Latest Transmissible spongiform encephalopathies Stories
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A team of University of Alberta researchers has identified a new class of compounds that inhibit the spread of prions, misfolded proteins in the brain that trigger lethal neurodegenerative diseases in humans and animals.
Beverly Hills PRP Launches Program To Assist Physicians With Innovative Treatment Beverly Hills, CA (PRWEB) July 19, 2012 When superstars like Tiger
Bovine spongiform encephalopathy (BSE, or "mad cow disease") is a fatal disease in cattle that causes portions of the brain to turn sponge-like.
5.4 million Americans suffer from Alzheimers and 3 million from Parkinson's disease. Doctors who treat patients with these among other neurodegenerative conditions believe that the diseases are spreading though their patients' brains. The stages of both Alzheimers and Parkinson's disease show these pathological effects.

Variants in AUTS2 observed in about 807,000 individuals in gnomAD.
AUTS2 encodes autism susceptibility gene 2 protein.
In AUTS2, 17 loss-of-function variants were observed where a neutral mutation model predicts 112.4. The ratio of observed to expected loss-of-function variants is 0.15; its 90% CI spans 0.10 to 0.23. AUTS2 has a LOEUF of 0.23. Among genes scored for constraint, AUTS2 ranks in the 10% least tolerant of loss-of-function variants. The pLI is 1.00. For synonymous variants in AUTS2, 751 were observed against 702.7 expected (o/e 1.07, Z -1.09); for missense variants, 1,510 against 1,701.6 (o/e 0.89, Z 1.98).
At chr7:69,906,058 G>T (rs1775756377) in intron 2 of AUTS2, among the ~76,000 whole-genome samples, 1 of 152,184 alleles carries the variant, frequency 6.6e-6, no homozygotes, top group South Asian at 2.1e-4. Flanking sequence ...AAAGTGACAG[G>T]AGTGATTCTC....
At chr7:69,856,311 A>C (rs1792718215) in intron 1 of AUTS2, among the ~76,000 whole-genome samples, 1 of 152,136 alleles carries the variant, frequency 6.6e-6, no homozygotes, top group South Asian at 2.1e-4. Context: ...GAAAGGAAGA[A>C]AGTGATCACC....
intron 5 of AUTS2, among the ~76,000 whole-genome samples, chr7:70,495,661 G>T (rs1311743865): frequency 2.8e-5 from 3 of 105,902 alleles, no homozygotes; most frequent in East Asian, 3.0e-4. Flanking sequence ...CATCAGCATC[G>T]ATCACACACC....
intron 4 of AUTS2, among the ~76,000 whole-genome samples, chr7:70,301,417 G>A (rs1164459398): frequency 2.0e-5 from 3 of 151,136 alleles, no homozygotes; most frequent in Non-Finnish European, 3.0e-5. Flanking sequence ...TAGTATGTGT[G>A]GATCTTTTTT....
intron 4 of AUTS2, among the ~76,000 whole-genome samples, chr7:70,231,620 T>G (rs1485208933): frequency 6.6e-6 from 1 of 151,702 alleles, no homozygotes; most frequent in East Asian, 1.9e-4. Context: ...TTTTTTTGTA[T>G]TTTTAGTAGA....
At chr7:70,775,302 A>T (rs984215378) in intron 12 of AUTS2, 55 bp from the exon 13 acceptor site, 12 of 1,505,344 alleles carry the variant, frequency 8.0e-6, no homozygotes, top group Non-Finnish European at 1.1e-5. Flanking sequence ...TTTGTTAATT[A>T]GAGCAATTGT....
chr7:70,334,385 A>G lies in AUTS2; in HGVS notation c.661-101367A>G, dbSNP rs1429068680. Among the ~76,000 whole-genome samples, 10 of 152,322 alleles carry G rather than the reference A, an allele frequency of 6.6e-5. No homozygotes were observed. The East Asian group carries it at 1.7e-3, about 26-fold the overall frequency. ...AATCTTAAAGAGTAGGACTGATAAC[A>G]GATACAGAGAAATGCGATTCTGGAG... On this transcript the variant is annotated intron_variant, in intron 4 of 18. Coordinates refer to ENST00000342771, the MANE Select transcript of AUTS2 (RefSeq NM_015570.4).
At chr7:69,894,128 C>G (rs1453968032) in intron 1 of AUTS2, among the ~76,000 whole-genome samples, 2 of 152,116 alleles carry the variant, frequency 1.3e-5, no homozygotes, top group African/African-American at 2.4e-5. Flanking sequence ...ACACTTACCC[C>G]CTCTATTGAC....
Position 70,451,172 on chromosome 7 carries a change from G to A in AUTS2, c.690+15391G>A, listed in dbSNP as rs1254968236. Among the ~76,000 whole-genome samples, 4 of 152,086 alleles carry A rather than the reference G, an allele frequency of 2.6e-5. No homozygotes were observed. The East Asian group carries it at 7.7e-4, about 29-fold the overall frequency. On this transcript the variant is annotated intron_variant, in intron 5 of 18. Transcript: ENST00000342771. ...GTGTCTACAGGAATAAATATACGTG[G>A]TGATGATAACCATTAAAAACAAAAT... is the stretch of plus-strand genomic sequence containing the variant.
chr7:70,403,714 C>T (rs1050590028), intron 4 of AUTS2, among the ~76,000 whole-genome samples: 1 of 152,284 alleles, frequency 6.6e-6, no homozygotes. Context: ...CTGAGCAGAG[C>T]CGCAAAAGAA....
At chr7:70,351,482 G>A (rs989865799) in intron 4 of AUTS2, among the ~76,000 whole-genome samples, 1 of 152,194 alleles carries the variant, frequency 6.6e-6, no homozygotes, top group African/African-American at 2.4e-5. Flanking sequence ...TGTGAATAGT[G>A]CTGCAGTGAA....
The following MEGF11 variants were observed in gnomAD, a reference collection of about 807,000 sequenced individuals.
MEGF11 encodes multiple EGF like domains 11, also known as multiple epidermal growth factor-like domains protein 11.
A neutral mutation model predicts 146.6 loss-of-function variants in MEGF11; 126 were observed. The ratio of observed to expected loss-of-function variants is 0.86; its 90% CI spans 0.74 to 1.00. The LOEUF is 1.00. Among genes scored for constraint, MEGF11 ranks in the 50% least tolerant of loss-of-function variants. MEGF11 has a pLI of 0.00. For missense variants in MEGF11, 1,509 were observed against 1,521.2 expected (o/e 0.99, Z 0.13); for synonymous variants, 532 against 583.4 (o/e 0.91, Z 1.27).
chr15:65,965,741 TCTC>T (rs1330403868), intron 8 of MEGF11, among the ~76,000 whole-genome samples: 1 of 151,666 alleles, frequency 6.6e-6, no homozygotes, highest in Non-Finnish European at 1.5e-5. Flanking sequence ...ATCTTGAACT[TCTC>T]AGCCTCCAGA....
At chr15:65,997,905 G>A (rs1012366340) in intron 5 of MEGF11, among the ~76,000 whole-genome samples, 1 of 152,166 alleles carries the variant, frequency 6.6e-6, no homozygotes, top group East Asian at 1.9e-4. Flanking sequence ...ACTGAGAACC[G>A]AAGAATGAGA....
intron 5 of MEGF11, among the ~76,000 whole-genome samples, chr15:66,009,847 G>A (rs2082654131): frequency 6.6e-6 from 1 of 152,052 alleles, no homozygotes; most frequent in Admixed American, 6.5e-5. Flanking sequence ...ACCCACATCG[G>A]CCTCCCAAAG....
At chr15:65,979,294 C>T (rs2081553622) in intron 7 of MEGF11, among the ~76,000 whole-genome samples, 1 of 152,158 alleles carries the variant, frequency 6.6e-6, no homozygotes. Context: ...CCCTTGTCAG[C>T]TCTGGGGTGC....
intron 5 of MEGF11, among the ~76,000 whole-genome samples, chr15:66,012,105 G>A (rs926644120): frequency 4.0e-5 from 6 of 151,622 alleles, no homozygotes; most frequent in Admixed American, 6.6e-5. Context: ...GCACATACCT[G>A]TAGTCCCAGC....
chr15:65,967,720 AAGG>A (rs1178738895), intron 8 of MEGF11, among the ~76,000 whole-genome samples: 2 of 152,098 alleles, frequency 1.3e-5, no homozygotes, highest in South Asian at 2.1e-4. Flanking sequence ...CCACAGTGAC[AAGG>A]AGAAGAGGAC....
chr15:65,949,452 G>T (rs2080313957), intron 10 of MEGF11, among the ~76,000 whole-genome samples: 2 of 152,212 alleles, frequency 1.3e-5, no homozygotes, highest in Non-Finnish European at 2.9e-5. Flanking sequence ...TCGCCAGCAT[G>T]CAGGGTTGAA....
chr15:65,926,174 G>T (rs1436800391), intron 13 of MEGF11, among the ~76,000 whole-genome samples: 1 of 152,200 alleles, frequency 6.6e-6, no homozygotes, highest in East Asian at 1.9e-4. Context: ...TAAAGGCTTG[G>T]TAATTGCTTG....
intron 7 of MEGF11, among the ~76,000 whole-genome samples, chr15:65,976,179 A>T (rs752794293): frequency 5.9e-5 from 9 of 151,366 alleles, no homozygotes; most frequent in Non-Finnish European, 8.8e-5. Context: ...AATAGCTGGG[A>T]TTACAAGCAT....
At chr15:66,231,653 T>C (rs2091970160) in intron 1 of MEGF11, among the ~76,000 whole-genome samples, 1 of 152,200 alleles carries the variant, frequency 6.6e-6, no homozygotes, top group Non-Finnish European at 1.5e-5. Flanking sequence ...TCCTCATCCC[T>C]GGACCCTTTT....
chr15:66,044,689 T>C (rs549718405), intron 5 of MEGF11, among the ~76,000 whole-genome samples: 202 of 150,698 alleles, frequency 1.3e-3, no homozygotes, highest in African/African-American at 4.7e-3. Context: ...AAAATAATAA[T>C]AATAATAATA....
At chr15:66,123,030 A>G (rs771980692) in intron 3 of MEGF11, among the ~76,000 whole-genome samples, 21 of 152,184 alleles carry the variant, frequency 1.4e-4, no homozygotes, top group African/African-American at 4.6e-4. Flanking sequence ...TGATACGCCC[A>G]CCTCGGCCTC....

In a new study, a team of UK researchers have reportedly found a way to prevent brain cell death in mice -- a discovery which could ultimately lead to improved treatments for Alzheimer's, Parkinson's, and other neurodegenerative ailments in humans.
After tests this week confirmed BSE (mad cow) in a dead dairy cow from a California farm, the USDA went on the manhunt, or cowhunt, for any offspring the dead animal may have had, stating they could also carry the fatal brain-eating disease.
The first case of “mad cow” disease in six years has cropped up on a California dairy farm after health and food experts discovered the disease in a dead cow, the US Department of Agriculture (USDA) confirmed on Tuesday.
Toxic prions in the brain can be detected with self-illuminating polymers.
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